Published online Apr 18, 2018. doi: 10.5312/wjo.v9.i4.65
Peer-review started: November 11, 2017
First decision: December 11, 2017
Revised: December 21, 2017
Accepted: March 1, 2018
Article in press: March 2, 2018
Published online: April 18, 2018
Patients with snapping elbow (SE) are seen by orthopaedic surgeons, rheumatologists and physical therapists, but the diagnosis is rare.
Most health care workers have no clinical experience with SE, as it is a rare condition. Therefore, there is a risk of misdiagnosis and delay of relevant treatment. Snapping can be visible, audible and palpable, but usual diagnostic measures can fail to demonstrate pathology.
From a literature search combined with our own clinical experience we wanted to analyse what is known about SE, its diagnosis and its treatment. The main purpose was to present a guideline to identify the patho-anatomical cause of SE, its general binary categorization and the best treatment of each pathology.
Literature was searched in PubMed and Scopus and key points in diagnosis and treatment were identified. Two typical cases are described.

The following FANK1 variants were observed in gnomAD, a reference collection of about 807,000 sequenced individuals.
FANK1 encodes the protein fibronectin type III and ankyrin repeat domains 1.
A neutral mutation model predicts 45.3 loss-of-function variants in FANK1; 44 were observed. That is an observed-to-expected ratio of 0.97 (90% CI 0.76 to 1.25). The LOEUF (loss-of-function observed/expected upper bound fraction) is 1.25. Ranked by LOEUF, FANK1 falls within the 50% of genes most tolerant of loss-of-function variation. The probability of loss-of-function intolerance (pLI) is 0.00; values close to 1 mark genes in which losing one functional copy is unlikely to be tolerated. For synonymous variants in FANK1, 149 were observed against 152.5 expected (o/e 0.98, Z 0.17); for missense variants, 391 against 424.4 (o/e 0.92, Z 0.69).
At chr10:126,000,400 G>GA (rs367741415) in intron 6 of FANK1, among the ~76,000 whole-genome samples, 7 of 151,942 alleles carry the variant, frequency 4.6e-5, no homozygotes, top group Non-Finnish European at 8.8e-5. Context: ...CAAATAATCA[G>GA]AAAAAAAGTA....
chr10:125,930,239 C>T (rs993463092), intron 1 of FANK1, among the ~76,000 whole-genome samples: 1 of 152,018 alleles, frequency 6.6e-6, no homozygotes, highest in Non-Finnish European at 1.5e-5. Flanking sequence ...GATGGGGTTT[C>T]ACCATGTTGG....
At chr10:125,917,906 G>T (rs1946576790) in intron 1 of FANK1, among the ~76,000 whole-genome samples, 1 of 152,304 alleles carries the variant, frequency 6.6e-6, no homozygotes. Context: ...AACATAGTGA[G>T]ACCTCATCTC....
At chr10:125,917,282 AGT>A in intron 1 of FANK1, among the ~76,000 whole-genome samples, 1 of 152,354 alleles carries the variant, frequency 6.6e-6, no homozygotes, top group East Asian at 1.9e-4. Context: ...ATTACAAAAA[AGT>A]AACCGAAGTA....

Our review indicates that SE should be clinically divided into lateral and medial, and that diagnosis and treatment is a logic consequence of this. Lateral, intra-articular pathology is best diagnosed with high-resolution MRI, MR-arthrography or radiographic arthrography. Surgical intervention is the treatment of choice and successful in the majority of the cases. Medial, extra-articular pathology is best diagnosed by dynamic ultrasonography and during surgery. It is most commonly caused by subluxation of a medial part of the triceps tendon or the ulnar nerve. Treatment is by open surgery, except in patients with repeated, loaded activities during flexion and extension (at work or during sports), in which case symptoms may resolve by reduction of this activity.
This guideline suggests a standardized approach to diagnosis and treatment of patients with SE. As early surgical intervention is recommended because the snapping can damage nerve (medial) or cartilage (lateral), this guideline is a tool for better patient care.
There are no randomized studies on treatment of SE, but the largest series of 64 cases is on lateral SE, meaning that randomized controlled studies could be performed regarding treatment of this pathology. The other pathologies are too rare. There are probably many undiagnosed cases, and studies on incidence would describe the magnitude of this health problem.